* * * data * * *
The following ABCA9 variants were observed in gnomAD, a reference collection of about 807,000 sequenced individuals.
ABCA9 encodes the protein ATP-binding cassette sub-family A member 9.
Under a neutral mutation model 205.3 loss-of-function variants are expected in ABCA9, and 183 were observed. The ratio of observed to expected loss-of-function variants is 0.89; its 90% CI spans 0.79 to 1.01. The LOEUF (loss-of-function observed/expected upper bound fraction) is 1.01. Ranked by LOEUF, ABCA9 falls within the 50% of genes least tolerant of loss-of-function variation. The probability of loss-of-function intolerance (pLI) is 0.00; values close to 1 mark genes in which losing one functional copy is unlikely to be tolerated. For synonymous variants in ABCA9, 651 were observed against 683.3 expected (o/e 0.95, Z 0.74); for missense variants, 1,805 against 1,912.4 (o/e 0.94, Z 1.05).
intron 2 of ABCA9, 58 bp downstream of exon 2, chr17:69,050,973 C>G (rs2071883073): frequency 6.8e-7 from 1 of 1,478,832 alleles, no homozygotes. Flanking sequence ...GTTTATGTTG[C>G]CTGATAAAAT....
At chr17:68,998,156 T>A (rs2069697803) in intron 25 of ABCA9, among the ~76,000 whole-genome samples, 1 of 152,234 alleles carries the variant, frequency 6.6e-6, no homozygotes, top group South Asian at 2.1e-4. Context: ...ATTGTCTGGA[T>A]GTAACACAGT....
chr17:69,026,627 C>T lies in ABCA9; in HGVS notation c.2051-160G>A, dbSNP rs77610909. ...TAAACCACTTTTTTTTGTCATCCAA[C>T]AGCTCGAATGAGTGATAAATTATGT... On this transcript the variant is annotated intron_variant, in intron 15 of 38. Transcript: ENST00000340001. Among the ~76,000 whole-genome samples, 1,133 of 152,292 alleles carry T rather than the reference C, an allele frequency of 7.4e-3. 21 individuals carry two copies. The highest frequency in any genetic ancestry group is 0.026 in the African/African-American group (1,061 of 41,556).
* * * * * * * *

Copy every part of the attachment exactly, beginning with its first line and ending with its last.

The following ABCA9 variants were observed in gnomAD, a reference collection of about 807,000 sequenced individuals.
ABCA9 encodes the protein ATP-binding cassette sub-family A member 9.
Under a neutral mutation model 205.3 loss-of-function variants are expected in ABCA9, and 183 were observed. The ratio of observed to expected loss-of-function variants is 0.89; its 90% CI spans 0.79 to 1.01. The LOEUF (loss-of-function observed/expected upper bound fraction) is 1.01. Ranked by LOEUF, ABCA9 falls within the 50% of genes least tolerant of loss-of-function variation. The probability of loss-of-function intolerance (pLI) is 0.00; values close to 1 mark genes in which losing one functional copy is unlikely to be tolerated. For synonymous variants in ABCA9, 651 were observed against 683.3 expected (o/e 0.95, Z 0.74); for missense variants, 1,805 against 1,912.4 (o/e 0.94, Z 1.05).
intron 2 of ABCA9, 58 bp downstream of exon 2, chr17:69,050,973 C>G (rs2071883073): frequency 6.8e-7 from 1 of 1,478,832 alleles, no homozygotes. Flanking sequence ...GTTTATGTTG[C>G]CTGATAAAAT....
At chr17:68,998,156 T>A (rs2069697803) in intron 25 of ABCA9, among the ~76,000 whole-genome samples, 1 of 152,234 alleles carries the variant, frequency 6.6e-6, no homozygotes, top group South Asian at 2.1e-4. Context: ...ATTGTCTGGA[T>A]GTAACACAGT....
chr17:69,026,627 C>T lies in ABCA9; in HGVS notation c.2051-160G>A, dbSNP rs77610909. ...TAAACCACTTTTTTTTGTCATCCAA[C>T]AGCTCGAATGAGTGATAAATTATGT... On this transcript the variant is annotated intron_variant, in intron 15 of 38. Transcript: ENST00000340001. Among the ~76,000 whole-genome samples, 1,133 of 152,292 alleles carry T rather than the reference C, an allele frequency of 7.4e-3. 21 individuals carry two copies. The highest frequency in any genetic ancestry group is 0.026 in the African/African-American group (1,061 of 41,556).